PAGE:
But the likely sale may come as a blow for the French bank’s arch rival Société Générale, which was also actively interested in purchasing ZCM assets. It is also a second-best solution for Zurich Financial, which initially wanted to sell its entire capital markets unit. But BNP Paribas, Société Générale, Barclays Capital and Bank of America all turned down that initial option. These banks viewed the horizontal business structure at ZCM as being incompatible with their largely vertical business models, and described some ZCM transactions as “toxic”, with some of the asset management products containing what one banker described as “huge liabilities”. There was also the legal liability risk of conducting due diligence on some 150 special-purpose vehicles set up by ZCM. A Zurich Financial spokesperson said the specific structure of the BNP Paribas deal had yet to be finalised, so he could not comment on the matter.
BNP Paribas and Société Générale were viewed as the serious contenders. Bankers said Barclays and Bank of America lacked the experience and infrastructure to take on such a large and specialised business. But following Zurich’s failure to dispose of the entire unit, BNP Paribas moved swiftly to enter negotiations to buy ZCM’s structured funds transactions on an exclusive basis. The speed of the move is believed to have wrong-footed Société Générale, which one banker, speaking on condition of anonymity, said was still grappling to get senior management go-ahead to enter new talks with ZCM. Société Générale declined immediate comment.
BNP Paribas is set to purchase around 90% of ZCM’s structured funds assets for an undisclosed price. These deals range in size from $10 million to two worth more than $100 million, said bankers. The transactions that were described as “toxic” by a number of bankers familiar with ZCM’s books are unlikely to be included, as it appears BNP Paribas is interested in a proprietary investment in the ZCM assets rather than to liquidate the assets. Both BNP and Zurich Financial declined to divulge the purchase price, or a price range – which given the complexity of instruments involved is impossible to approximate. But given that cash-strapped Zurich had effectively initiated a ‘fire-sale’ – something its management denies – it is unlikely that BNP Paribas will pay any significant premium.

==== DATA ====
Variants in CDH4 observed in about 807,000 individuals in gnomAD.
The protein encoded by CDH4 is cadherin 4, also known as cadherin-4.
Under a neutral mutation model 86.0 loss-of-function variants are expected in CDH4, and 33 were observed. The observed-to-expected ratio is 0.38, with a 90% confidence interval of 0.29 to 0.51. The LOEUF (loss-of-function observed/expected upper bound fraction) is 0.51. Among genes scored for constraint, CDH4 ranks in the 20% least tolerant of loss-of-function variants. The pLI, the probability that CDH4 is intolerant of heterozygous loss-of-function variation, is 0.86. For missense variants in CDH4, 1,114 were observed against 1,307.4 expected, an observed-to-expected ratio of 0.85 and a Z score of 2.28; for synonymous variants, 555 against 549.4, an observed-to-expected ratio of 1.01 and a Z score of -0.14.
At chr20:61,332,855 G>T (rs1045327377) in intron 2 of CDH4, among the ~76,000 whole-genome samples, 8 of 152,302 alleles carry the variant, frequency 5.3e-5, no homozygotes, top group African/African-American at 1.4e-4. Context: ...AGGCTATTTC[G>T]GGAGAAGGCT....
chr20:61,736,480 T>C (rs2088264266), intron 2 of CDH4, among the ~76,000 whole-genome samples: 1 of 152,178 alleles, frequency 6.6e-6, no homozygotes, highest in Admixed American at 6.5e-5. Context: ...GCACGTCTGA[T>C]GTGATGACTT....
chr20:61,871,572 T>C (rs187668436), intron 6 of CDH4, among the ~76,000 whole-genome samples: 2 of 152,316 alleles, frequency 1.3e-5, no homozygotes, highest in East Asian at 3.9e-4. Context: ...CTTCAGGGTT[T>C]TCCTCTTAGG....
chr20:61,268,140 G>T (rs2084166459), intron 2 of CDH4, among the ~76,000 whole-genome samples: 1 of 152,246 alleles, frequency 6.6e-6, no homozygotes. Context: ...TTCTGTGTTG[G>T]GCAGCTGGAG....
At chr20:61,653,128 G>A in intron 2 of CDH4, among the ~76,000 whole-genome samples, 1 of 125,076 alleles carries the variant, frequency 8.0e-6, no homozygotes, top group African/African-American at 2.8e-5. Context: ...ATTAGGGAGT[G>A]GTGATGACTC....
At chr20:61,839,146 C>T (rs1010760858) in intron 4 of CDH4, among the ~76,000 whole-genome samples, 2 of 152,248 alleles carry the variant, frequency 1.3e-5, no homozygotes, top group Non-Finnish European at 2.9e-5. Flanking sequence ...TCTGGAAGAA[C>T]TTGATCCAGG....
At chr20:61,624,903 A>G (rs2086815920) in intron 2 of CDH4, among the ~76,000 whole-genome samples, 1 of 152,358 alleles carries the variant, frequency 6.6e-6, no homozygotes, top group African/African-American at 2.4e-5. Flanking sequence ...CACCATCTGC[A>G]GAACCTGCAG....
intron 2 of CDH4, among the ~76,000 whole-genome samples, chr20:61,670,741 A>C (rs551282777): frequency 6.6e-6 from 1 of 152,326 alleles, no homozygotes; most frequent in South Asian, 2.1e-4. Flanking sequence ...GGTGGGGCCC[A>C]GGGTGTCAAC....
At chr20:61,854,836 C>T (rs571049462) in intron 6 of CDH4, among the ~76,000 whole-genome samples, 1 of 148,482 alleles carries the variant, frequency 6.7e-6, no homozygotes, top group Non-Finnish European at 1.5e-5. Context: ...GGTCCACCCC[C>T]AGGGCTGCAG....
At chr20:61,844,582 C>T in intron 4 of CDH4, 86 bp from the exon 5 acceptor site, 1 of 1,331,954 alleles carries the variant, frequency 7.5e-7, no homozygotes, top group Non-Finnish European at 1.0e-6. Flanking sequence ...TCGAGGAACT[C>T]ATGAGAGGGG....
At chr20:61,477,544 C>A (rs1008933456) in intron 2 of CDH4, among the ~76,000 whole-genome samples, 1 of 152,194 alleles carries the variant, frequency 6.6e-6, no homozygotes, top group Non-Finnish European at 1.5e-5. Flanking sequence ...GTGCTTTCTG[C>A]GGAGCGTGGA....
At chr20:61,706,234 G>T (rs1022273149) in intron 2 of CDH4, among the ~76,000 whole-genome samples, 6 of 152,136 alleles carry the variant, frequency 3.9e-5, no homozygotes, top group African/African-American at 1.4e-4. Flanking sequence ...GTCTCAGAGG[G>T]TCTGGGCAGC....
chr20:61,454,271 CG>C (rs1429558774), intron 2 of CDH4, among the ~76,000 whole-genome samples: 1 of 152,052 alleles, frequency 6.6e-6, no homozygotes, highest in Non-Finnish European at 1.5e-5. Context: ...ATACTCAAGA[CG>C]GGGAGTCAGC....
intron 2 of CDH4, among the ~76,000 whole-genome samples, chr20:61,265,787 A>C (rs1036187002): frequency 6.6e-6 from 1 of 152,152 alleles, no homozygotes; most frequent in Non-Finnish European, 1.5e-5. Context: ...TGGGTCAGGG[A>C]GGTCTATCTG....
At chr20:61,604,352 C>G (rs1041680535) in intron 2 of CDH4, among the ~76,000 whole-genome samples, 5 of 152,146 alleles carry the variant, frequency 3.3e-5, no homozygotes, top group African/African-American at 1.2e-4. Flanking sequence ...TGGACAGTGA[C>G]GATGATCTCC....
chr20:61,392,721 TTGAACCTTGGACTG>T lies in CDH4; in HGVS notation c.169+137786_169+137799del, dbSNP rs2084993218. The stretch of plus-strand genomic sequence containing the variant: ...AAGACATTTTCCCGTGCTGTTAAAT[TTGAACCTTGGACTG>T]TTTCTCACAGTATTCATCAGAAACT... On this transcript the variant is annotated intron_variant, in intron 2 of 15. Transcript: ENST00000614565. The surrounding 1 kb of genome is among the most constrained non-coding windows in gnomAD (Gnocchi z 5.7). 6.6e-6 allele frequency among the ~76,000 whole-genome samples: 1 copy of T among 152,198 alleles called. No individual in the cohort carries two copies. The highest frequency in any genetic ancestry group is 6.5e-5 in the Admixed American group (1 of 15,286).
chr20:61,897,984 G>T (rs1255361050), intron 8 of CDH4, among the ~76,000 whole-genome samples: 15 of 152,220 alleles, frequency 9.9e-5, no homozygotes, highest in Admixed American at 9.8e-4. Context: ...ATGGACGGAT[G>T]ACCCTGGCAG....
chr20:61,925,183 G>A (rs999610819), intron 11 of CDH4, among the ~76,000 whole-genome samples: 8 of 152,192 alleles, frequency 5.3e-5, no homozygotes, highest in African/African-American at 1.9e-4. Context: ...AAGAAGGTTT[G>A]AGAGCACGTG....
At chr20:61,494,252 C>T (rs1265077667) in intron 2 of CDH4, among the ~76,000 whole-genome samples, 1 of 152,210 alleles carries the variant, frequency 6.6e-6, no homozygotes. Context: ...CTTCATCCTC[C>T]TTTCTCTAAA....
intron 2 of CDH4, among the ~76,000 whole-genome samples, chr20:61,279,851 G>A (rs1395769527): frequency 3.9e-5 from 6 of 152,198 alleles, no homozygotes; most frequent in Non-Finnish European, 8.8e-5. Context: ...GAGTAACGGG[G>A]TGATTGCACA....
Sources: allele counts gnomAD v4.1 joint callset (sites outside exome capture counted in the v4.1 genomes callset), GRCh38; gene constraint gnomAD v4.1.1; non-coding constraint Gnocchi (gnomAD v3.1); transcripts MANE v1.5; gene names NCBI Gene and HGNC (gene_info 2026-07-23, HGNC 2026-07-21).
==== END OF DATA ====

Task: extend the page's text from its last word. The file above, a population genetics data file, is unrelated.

As part of the deal, BNP Paribas is set to hire 60 ZCM staff out of a total of around 90 employees. This should include ZCM’s head of structured products Kurt Overley, but not ZCM’s chief executive Stephen Sinacore, nor its chief operating officer, Douglas Dachille. Once the deal is completed and IT installations finished, the majority of these hires are set to move from ZCM’s downtown New York offices to BNP Paribas’ offices in mid-town New York. Smaller teams will join BNP Paribas in Dublin and Tokyo. ZCM’s Australian operations will remain closed.
But the transaction will also result in a significant increase in BNP Paribas’ gap risk. Both BNP Paribas and ZCM have constantly improved their models to hedge this risk and price transactions to gain a premium for holding such risks on their books. Although both institutions have found ways to model and substantially reduce the delta, there is no perfect hedge to gap risk. It is also unclear how well BNP Paribas and ZCM’s models integrate. BNP Paribas declined to comment on either its current or expected gap risk level once the ZCM transactions come onto its books. While banks typically receive a higher premium for this gap risk compared with other business lines that contain similar risk levels, there are concerns in the structured funds industry that some leading banks may have to scale back transaction levels should their gap risk levels become too high.
So far this year, Zurich Financial has sold its Rüd, Blass & Cie private bank to Deutsche Bank, unveiled plans to sell its asset management business in India to Housing Development Finance Corporation, and stated its plans to exit insurance operations in the Baltic countries through portfolio sales and run-offs. In May, it agreed to sell its United States Zurich Life unit to Bank One for $500 million, saying the company is on track to meet its goal of generating $1 billion in risk-based capital through divestments.
The sale of ZCM’s assets should help it meet this goal. But it is unclear how it plans to deal with the remainder of ZCM’s assets and business lines.
BNP Paribas is expected to complete its purchase within the next couple of weeks.
The week on Risk.net, July 7-13, 2018Receive this by email